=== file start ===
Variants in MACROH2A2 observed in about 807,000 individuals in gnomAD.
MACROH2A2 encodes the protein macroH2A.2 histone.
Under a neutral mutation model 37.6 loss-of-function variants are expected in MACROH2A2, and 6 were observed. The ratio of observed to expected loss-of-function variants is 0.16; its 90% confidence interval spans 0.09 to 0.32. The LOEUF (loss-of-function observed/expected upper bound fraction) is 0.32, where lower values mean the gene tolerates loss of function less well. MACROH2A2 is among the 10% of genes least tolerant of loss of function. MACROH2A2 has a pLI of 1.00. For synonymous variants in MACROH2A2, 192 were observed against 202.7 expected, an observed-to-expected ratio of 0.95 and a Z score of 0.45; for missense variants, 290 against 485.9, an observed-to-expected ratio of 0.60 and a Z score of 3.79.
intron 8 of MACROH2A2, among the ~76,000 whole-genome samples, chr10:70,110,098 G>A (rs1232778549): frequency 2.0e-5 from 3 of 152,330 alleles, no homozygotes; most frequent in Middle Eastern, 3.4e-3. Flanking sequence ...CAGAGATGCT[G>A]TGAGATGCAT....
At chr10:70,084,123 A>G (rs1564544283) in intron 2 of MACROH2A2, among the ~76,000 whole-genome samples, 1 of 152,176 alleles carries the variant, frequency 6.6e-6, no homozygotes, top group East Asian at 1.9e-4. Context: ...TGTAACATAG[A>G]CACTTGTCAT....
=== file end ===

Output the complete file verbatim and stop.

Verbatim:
Variants in MACROH2A2 observed in about 807,000 individuals in gnomAD.
MACROH2A2 encodes the protein macroH2A.2 histone.
Under a neutral mutation model 37.6 loss-of-function variants are expected in MACROH2A2, and 6 were observed. The ratio of observed to expected loss-of-function variants is 0.16; its 90% confidence interval spans 0.09 to 0.32. The LOEUF (loss-of-function observed/expected upper bound fraction) is 0.32, where lower values mean the gene tolerates loss of function less well. MACROH2A2 is among the 10% of genes least tolerant of loss of function. MACROH2A2 has a pLI of 1.00. For synonymous variants in MACROH2A2, 192 were observed against 202.7 expected, an observed-to-expected ratio of 0.95 and a Z score of 0.45; for missense variants, 290 against 485.9, an observed-to-expected ratio of 0.60 and a Z score of 3.79.
intron 8 of MACROH2A2, among the ~76,000 whole-genome samples, chr10:70,110,098 G>A (rs1232778549): frequency 2.0e-5 from 3 of 152,330 alleles, no homozygotes; most frequent in Middle Eastern, 3.4e-3. Flanking sequence ...CAGAGATGCT[G>A]TGAGATGCAT....
At chr10:70,084,123 A>G (rs1564544283) in intron 2 of MACROH2A2, among the ~76,000 whole-genome samples, 1 of 152,176 alleles carries the variant, frequency 6.6e-6, no homozygotes, top group East Asian at 1.9e-4. Context: ...TGTAACATAG[A>G]CACTTGTCAT....